# Classifing audio signals to detect fault

The basic idea i'm working on is automatic fault detection using audio signals captured from Motor. I have like set of sample audio signal which are recorded when there is no fault and with fault at different rpm. While hearing the audio I can clearly identify and differentiate the audio signal. But how can I differentiate that technically or programtically. Basically im from computer science background , so im having a hard time to find the method of implementation whether it can be found by audio analysis itself or if I want to implement Machine learning on audio signals

Sample signals are here

• Clean has 117 Hz and harmonics, while Fault contains frequencies between the harmonics, too. It seems the fundamental frequency is not constant? (Since one file is slightly different from the other) If it were always the same, you could just check for content at the bad frequencies using fixed bandpass filters, but if the motor speed varies, you need to do more work than that. Jul 18, 2017 at 14:39
• What do you meant by frequency between harmonics ? Please bear with me. And is there any other idea to move forward Jul 18, 2017 at 15:08
• If you do a frequency analysis of the signals, clean might have spikes at 100, 200, 300 etc while fault would have 100, 150, 200, 250, etc. Jul 18, 2017 at 15:15
• Is the RPM variable? Jul 18, 2017 at 15:16
• Integer multiples of the fundamental frequency are called harmonics Jul 18, 2017 at 15:17

The reference @Stan gives is a good one, but there's still the question of what measure to use.

Previously, I've seen kurtosis work well. However, it doesn't seem to be that good on this data set.

The two things I'd look at for this are:

• The energy in the signal, and
• The distribution of the sample values (PDF estimate).

Below are several plots analysing a small segment of the left channel of your data. They are:

• The time domain signal.
• The frequency domain signal.
• The frequency domain signal after bandpass filtering the area between 0.4 and 0.8 of $f_s/2$.
• The PDF estimate from the raw data.
• The PDF estimate from the band pass filtered data.
• The 100 sample energy for the whole signal.

Perhaps the easiest one is the last: while there is overlap between the energy values, there isn't much and they seem well split.

The second one is probably the raw PDF estimate: check which one is closest to a uniform distribution. You can see in the time domain plot that the vibes signal is generally further away from the origin that the clean signal.

The second plot shows the same as the last on the 3 x 2, but is the 100 sample energy of the bandpass filtered signal. That looks better still.  R Code Only Below

#Q42498
library('tuneR')
library(e1071)

t_index <- seq(10000,11000)

par(mfrow=c(2,3))
plot(clean@left[t_index], type='l', col='blue', lwd=3)
lines(vibes@left[t_index], col='red')
title('Time doman 10000:11000')

plot(log(abs(fft(clean@left[t_index]))[1:500]), type='l', col='blue', ylim = c(8,15))
lines(log(abs(fft(vibes@left[t_index]))[1:500]), col='red')
title('Frequency domain 10000:11000')

library(signal)
bpf <- butter(10,c(0.4,0.8), type='pass')

clean_f <- filter(bpf, clean@left[t_index])
vibes_f <- filter(bpf, vibes@left[t_index])
plot(abs(fft(clean_f))[1:500], type='l', col='blue', lwd=3)
lines(abs(fft(vibes_f))[1:500], col='red')
title('Band Pass Filtered 10000:11000')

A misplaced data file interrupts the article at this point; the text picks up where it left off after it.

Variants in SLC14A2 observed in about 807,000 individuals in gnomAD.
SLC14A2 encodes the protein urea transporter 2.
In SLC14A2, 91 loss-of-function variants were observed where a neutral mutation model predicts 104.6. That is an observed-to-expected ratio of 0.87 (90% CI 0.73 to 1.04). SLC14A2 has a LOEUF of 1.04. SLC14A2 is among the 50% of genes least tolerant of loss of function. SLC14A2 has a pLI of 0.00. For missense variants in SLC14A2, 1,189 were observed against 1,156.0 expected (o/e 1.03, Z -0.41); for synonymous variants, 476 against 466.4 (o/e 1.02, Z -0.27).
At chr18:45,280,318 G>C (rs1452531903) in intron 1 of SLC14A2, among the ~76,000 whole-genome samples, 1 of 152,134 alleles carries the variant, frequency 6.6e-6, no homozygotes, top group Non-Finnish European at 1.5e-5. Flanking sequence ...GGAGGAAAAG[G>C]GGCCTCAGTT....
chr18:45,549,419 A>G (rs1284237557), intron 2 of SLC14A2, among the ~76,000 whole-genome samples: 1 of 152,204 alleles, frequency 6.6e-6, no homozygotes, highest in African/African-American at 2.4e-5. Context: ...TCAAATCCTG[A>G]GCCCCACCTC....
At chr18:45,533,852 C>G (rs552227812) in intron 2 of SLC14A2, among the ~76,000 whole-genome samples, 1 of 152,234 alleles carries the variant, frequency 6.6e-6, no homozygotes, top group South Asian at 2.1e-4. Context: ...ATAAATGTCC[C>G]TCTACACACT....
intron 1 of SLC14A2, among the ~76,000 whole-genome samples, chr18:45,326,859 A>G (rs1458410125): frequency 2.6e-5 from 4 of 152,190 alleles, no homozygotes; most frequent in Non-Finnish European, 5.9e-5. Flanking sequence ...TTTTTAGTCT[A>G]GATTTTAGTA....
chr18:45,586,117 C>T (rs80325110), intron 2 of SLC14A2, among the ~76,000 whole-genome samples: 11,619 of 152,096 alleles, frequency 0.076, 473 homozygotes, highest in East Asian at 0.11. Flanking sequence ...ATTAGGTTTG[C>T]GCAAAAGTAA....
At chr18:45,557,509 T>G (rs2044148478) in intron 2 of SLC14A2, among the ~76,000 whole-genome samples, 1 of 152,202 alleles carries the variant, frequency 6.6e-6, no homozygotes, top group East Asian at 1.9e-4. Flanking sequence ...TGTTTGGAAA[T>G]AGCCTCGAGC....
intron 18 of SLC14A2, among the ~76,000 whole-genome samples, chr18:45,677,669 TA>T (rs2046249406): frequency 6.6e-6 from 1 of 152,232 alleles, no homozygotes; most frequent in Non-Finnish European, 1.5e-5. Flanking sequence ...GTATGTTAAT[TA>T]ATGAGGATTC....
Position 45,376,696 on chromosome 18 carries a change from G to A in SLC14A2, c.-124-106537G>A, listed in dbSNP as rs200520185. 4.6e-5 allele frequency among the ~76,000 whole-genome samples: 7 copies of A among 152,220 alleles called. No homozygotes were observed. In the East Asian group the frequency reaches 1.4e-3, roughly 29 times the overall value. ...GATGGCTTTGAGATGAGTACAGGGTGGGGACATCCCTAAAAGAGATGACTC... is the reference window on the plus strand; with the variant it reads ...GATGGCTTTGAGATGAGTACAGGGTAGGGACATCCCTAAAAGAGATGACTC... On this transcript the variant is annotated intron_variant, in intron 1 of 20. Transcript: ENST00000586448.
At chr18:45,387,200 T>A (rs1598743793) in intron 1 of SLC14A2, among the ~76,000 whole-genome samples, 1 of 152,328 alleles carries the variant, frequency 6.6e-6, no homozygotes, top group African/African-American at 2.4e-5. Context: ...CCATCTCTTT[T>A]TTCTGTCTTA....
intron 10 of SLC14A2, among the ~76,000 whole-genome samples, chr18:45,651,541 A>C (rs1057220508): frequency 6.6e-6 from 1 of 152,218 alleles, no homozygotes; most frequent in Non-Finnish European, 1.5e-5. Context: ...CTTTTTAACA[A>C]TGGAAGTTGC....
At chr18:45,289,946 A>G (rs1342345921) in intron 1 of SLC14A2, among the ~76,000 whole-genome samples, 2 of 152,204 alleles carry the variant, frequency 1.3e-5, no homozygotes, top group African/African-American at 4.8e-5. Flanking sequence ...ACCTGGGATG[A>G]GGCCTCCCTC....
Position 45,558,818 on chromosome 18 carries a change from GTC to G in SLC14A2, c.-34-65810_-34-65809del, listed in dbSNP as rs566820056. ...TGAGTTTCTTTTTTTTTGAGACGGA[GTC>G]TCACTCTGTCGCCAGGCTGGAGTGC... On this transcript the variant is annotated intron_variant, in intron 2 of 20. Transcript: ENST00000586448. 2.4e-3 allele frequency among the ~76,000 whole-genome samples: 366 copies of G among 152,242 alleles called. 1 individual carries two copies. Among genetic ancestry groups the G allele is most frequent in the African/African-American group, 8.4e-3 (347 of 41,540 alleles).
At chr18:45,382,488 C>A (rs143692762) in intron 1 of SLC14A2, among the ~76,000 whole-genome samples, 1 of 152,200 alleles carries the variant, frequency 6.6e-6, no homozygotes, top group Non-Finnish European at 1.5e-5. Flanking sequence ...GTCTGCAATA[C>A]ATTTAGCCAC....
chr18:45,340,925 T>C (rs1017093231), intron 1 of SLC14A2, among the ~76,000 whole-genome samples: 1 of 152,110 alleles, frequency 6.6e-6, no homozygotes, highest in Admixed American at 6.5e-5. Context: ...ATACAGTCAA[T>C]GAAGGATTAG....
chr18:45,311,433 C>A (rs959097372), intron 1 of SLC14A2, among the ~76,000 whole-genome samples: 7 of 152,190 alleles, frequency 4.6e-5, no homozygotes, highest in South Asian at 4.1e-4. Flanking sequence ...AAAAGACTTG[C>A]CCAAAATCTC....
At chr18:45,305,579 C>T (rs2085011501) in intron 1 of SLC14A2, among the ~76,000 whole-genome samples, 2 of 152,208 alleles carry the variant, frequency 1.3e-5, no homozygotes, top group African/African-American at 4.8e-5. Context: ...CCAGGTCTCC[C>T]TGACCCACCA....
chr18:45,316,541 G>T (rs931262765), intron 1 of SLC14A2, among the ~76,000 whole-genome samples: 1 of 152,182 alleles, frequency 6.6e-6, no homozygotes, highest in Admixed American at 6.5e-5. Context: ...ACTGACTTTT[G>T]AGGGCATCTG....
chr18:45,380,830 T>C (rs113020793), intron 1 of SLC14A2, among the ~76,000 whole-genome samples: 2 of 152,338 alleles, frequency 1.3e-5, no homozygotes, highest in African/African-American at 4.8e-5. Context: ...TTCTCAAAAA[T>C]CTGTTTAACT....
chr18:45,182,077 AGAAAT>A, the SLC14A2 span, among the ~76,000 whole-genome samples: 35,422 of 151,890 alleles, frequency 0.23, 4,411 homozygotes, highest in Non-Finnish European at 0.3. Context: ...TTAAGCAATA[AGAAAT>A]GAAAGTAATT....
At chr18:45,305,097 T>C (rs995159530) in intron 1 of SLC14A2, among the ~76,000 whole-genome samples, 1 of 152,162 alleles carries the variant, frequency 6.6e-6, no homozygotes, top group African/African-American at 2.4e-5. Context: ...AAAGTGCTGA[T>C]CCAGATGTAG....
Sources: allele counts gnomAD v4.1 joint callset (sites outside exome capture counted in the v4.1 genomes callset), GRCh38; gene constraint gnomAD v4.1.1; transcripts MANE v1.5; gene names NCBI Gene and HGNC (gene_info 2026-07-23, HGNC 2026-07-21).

vibes_pdf <- density(vibes@left[t_index])
clean_pdf <- density(clean@left[t_index])
plot(clean_pdf$y/sum(clean_pdf$y), type='l', col='blue', lwd=3)
lines(vibes_pdf$y/sum(vibes_pdf$y), col='red')
title('PDF Estimate (Original)')

vibes_f_pdf <- density(vibes_f)
clean_f_pdf <- density(clean_f)
plot(clean_f_pdf$y/sum(clean_f_pdf$y), type='l', col='blue', lwd=3)
lines(vibes_f_pdf$y/sum(vibes_f_pdf$y), col='red')
title('PDF Estimate (filtered)')

maf <- rep(1,100)

clean_e <- filter(maf, 1, (clean@left[t_index])^2)
vibes_e <- filter(maf, 1, (vibes@left[t_index])^2)
plot(clean_e, type='l', col='blue', lwd=3, ylim=c(min(clean_e,vibes_e), max(clean_e,vibes_e)))
lines(vibes_e, col='red')
title('100 sample energy')


You might want to look at:

Detection of Abrupt Changes: Theory and Application1 Michele Basseville  IRISA/CNRS Rennes, France Igor V. Nikiforov Institute of Control Sciences Moscow, Russia

with the free access PDF from MIT.

It's a little old, but was advanced when it came out.

There are a lot of Google results for this topic.

• Yes, Basseville & Nikiforov is a great place to start, even now.
– Peter K.
Jul 18, 2017 at 17:00

Here's what I was saying in the comments: The green dots show the harmonics (fundamental frequency × 1, 2, 3, 4 ...), while the red dots show "distortion products" between the harmonics. The red dots are the frequency components that make the machine sound bad.

If you know what the machine's RPM is, then you can make notch/comb filters to measure the harmonic frequencies vs the non-harmonic frequencies, and when the non-harmonics are above some relative threshold, you know it's gone bad.

If you don't know the RPM, you'll have to measure it by identifying which frequency is the fundamental (which is not necessarily the strongest one). You can limit your search to RPMs the machine is capable of producing, etc. But the dirty waveform looks like a signal of an octave lower that's missing the fundamental, so you have to be careful you don't measure the wrong frequency and calculate that the signal is clean.

Here's the Python code to make this plot:

from soundfile import read
import matplotlib.pyplot as plt
import numpy as np
from scipy import signal

fig, (clean, vibes) = plt.subplots(2, 1, sharex=True, sharey=True)

N = 2**16
window = signal.kaiser(N, 40)

filename = '3500-clean.flac'  # converted to mono
f, Pxx = signal.welch(data, fs=fs, window=window, nperseg=N)
clean.plot(f, 20*np.log10(Pxx))
clean.set_title(filename.split('.'))

filename = '3500-vibes.flac'
`